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'I always believed I was meant to be in the side': Burns reflects on 100-game milestone

There was once a time in Sam Burns’ career when he was genuinely unsure if he would ever become a milestone player within Hostplus Cup.

Looking back at the Sunshine Coast Falcons forward’s trajectory through the game, it’s funny to think that someone so consistent and so dedicated wouldn’t achieve these sorts of accolades.

This weekend, the popular Burns will do just that, when he celebrates game 100 in front of a home crowd at Sunshine Coast Stadium, named captain for the special occasion against the Townsville Blackhawks.

But at the start of his career, Burns – a one-club man – couldn’t seem to crack into the Falcons’ Cup side on regular basis.

The now 27-year-old made an unexpected Cup debut fresh out of the Melbourne Storm under 20s, getting the call up to play for the Sunshine Coast in their 2016 semi-final victory over the Blackhawks.

He pulled on the jersey again the following week for the Falcons’ preliminary final loss to the Redcliffe Dolphins and finished the year with two Cup games next to his name.

In 2017, he made his way into the team twice once again and in 2018 earned 11 Cup appearances. For the former hooker, it didn’t feel like promising signs.

Sam Burns. Photo: Rikki-Lee Arnold/QRL
Sam Burns. Photo: Rikki-Lee Arnold/QRL

“It’s really special to me this milestone just because probably at the beginning of my career, I didn’t think I’d get past 50 games, let alone 100,” Burns said.

“Early in my career, I only played a handful of games over the course of three years but I kept being dedicated and committed and got over that hump.

“I’m a lock now but I played under 20s with the Storm and the Falcons and was always a hooker so it was based off selection… I was still playing really good footy for local league and putting my best foot forward at training but with the experience and ability at the club, opportunity was limited.

“I couldn’t break through with guys like Harry Grant and Brandon Smith coming back from Melbourne, plus with a couple of guys we already had.

“So, I considered a position switch to try to broaden my scope of ability to become a lock and make myself a bit more versatile and be more valuable.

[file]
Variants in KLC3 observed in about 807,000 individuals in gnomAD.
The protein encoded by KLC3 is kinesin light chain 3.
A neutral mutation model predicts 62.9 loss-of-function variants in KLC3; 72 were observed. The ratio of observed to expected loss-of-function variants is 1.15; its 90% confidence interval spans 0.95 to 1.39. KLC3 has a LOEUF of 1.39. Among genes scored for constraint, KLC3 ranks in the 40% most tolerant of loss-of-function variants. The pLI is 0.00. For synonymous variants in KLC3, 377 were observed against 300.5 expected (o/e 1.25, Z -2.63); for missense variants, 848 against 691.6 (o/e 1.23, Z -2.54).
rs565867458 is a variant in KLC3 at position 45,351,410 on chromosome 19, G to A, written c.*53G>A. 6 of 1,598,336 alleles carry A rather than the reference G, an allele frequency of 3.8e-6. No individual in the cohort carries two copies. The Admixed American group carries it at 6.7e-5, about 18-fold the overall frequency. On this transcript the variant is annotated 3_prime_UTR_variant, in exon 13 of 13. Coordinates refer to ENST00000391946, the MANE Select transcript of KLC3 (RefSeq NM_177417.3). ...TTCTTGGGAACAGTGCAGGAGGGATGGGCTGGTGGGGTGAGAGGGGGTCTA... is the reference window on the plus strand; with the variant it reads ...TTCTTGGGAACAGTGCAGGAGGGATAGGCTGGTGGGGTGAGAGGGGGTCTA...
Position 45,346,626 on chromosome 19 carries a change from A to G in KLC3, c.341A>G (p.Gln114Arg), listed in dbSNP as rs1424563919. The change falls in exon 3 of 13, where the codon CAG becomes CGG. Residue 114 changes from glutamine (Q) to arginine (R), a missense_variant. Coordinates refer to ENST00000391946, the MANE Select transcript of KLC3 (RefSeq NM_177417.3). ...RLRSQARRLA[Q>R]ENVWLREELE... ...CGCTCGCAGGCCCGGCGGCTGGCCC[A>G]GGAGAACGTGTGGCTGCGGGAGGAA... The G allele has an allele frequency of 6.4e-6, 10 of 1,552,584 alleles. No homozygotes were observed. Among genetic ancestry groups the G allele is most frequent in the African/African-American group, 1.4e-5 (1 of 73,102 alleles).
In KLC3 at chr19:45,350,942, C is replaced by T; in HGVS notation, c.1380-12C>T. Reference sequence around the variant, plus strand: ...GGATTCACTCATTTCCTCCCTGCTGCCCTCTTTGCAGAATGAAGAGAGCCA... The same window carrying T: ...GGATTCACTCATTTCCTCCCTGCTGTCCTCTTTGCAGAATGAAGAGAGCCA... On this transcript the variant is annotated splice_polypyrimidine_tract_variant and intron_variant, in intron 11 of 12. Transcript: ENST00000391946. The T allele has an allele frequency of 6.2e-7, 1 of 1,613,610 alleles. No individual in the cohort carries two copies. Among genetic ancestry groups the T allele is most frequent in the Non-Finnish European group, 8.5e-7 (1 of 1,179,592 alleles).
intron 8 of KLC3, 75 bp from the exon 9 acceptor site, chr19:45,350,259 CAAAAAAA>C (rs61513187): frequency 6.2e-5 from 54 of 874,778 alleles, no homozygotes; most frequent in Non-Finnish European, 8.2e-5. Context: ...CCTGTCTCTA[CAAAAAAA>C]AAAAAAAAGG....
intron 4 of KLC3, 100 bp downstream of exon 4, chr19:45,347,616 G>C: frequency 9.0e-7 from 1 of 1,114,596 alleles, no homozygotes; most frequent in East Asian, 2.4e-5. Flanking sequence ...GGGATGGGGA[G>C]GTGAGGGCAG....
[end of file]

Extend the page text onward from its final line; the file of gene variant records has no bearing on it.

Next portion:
“I turned into bit more of a utility and hit the gym a lot, chucked on more size, and started practising as a ruck in the middle.

“It was definitely something I worked with the coaches on… they came to me about it. It was out of necessity.

“It was more of a coaching decision than a personal decision. But I just knew I wanted to get into the side somehow.”

There is plenty that young players coming through the ranks can take from Burns’ story.

Instead of giving in, he reinvented himself slightly and found a new role to play for his team. Now, eight years on, he reaches his special milestone.

A young Burns in action.
A young Burns in action.

Burns said he hoped his story could inspire some others along the way.

“The lesson would just be to use the disappointment or hardship that comes with not making a side and motivating you to problem solve and find a way to prove yourself,” Burns said.

“That would be the main lesson. Sticking to being resilient.

“I never dropped my head and always believed I was meant to be in the side. I was always really confident so I needed to be resilient and stick to it.

“I really love the game as well so loving the game helped me through that period, when I wasn’t making the sides. I still loved it no matter what and was willing to do the hard yards.”

Burns still is the kind of player who can always be relied on to do the hard work.

He often gets through a mountain of work in his Cup matches and is currently sitting on 94.6 per cent tackle efficiency for the year so far.

He is also part of the Cup team’s leadership group and has been captaining the club in the absence of usual skipper Patrice Siolo, who returns this week from an ACL injury.

For coach Brad Henderson, Burns represents everything the club is about.

“He’s the face of the Falcons,” Henderson said.

“He really embodies the way I think the team plays. He’s highly-skilled and an incredibly tough footballer. He’s completely genuine and gets on with everyone in the group.

“It’s hard to narrow down what he brings because he covers so many areas so well. I’m just proud to have had my turn at coaching him and I hope we get a win for him this weekend.”